Despite the increasing homogenisation of airlines as carriers merge to form ever-larger conglomerates, there are still differences in what airlines think shorthaul business class should be across the world.
In the United States, for example, domestic first class is all about the larger seat, often provided as an upgrade perk for frequent fliers. Food, beverage and service offerings have been increasingly seen as ripe for cuts rather than investment, and lounges are reserved for subscribing members rather than provided as part of the ticket or for high-tier cardholders. It is, as I’ve said before, like visiting your grandparents, down to the comfy chair and the cheap liquor poured strong with mixers you don’t have at home into a plastic cup.
In Europe, by contrast, the standard is the middle-seat-free Eurobusiness style, where business class is less comfortable but often comes with interesting and edible food presented attractively, booze you might actually want to drink, and lounge access at your departure airport.
Yet Australia has it all. Recliner seats in the front rows, plus food that you might actually want to eat and admirable wine lists. The only thing that’s missing is inflight wifi, which has yet to reach the Antipodes’ domestic airlines.
Americans flying up front in Europe for the first time are often disappointed by the seat yet impressed by the service, while the reverse is true for Europeans in the States. Australians, meanwhile, tend to shrug and be thankful for what they have.
British Airways plays to its national strengths: who better to serve sandwiches and scones than the country that invented them? BA’s pleasantly plated trays receive regular praise, notably from US passengers who aren’t used to well-presented and thought-out food. If only the airline hadn’t cut its pitch in business class to 30”.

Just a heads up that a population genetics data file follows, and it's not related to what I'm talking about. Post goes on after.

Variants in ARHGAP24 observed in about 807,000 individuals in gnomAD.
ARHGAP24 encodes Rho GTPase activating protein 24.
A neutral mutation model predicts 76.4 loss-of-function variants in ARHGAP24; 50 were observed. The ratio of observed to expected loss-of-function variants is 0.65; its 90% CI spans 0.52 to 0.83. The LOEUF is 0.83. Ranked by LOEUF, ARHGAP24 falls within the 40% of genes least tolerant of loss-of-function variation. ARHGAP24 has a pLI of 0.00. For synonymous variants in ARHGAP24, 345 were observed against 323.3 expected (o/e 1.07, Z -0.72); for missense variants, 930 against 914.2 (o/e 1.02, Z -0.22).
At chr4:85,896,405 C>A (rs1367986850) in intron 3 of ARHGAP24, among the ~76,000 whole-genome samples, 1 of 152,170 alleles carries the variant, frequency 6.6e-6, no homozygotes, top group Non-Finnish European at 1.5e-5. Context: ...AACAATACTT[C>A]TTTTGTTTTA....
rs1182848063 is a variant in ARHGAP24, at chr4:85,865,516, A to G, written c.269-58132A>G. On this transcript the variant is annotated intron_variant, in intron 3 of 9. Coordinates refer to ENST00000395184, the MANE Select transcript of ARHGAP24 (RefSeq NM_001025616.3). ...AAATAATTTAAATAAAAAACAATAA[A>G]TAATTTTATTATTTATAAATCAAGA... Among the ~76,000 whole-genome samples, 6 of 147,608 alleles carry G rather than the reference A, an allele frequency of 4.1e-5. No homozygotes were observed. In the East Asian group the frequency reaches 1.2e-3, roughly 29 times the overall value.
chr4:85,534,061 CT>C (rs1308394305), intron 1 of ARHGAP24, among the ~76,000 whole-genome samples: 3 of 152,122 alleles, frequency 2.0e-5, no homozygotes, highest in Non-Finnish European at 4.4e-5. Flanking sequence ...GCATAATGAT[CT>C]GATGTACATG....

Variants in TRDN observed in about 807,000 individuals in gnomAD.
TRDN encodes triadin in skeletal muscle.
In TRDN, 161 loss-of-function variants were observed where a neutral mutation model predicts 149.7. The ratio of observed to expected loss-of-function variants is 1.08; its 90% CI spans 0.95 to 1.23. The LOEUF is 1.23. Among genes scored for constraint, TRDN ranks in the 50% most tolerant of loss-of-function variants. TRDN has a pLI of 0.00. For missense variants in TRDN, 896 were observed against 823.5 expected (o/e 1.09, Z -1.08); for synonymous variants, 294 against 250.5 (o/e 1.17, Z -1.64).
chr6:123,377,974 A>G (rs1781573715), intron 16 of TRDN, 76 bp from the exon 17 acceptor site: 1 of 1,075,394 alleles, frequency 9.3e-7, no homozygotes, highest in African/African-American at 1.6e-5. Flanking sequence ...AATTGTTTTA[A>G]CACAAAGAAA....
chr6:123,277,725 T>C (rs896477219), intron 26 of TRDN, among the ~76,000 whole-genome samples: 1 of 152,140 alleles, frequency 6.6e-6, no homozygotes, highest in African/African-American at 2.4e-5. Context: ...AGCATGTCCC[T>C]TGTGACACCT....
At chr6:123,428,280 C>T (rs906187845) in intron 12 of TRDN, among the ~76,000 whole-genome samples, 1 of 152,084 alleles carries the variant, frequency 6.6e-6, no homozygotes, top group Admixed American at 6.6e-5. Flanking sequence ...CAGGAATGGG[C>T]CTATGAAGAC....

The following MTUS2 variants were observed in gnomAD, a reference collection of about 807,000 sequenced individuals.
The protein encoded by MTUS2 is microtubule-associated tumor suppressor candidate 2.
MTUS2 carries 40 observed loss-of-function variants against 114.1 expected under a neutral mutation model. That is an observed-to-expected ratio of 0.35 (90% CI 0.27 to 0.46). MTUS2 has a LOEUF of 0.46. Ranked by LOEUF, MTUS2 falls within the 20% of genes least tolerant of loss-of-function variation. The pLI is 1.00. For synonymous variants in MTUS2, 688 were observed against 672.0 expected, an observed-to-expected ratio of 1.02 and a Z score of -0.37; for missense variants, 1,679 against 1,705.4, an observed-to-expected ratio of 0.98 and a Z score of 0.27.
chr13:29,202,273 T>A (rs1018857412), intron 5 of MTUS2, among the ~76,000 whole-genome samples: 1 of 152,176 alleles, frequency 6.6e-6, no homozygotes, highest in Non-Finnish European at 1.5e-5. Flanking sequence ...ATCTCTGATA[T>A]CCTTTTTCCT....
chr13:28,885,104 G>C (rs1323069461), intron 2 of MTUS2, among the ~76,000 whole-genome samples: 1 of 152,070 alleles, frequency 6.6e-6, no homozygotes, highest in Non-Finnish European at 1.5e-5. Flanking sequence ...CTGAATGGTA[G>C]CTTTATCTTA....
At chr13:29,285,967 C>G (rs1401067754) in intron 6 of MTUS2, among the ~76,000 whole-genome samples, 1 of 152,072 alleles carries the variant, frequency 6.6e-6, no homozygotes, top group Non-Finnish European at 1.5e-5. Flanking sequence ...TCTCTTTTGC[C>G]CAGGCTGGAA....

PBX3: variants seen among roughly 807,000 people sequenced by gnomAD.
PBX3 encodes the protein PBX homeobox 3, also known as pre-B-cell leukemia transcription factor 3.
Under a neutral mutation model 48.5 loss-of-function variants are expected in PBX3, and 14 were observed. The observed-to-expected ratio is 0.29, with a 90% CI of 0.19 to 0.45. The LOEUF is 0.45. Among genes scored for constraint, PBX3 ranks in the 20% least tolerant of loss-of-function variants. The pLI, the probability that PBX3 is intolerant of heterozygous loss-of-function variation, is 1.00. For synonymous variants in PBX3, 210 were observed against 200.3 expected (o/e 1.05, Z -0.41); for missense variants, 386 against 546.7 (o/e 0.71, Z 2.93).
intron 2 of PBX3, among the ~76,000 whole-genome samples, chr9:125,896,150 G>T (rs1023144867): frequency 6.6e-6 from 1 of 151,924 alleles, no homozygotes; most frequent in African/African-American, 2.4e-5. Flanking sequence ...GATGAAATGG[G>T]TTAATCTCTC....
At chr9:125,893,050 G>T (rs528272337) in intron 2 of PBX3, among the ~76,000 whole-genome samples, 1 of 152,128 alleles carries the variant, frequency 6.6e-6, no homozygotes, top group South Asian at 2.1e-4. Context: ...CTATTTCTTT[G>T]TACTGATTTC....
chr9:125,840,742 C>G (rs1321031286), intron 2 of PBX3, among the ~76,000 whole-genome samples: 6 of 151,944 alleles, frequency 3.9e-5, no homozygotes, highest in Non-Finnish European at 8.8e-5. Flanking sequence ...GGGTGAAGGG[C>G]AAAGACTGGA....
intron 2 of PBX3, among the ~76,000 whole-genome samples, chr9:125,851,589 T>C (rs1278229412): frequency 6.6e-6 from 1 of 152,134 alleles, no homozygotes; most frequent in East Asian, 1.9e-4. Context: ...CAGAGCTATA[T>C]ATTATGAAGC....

Lufthansa has inventive cuisine delivered efficiently. I distinctly remember a lunch of small tasting plates I once enjoyed between Frankfurt and London, which were entirely jellied: from a delicious eel mousse through a carrot purée with quail to an elderflower soup, every bite was delicious and inventive. The 32″ of pitch up front is also welcomed by passengers compared with the competition.
Air France is elegant and sophisticated, with delicious chilled plates of food even on short flights, and free-flowing full-sized bottles of Champagne — no British Airways-style one-serving twist-top splits here. You just have to sit back and pretend that the new Eurobusiness seats (pitched at 30″ in the front, up from 29″ down back) are the aviation equivalent of a stylish yet deeply uncomfortable seat in an upscale restaurant.
The big three US carriers — American, Delta and United — all fly recliners of around 35-39” in their narrowbody domestic first class (and regional international business class). While the occasional domestic flight is scheduled with longhaul fully flat beds, those are the exception for savvy and lucky flyers.
The time and distance windows on which food is offered on board mainstream and regional aircraft are frustratingly impenetrable, and even when something is offered it frequently comes in for criticism. Beverages tend to be mid-shelf at best, and service can vary widely depending on the mood and professionalism of cabin crew.
Part of the problem in the US, of course, is the legacy of first class being an expected upgrade perk for frequent flyers rather than a profit centre in its own right. The airlines are addressing this with lower domestic first class fares, smaller cabins and more paid upgrade opportunities, and the passenger experience is getting better in a virtual cycle of improvement.
European carriers, unfortunately for the #paxex, seem to be set on reducing Eurobusiness legroom further, even as they’re improving the soft product. Perhaps it’s time to start drawing some inspiration from across the Atlantic and from down under?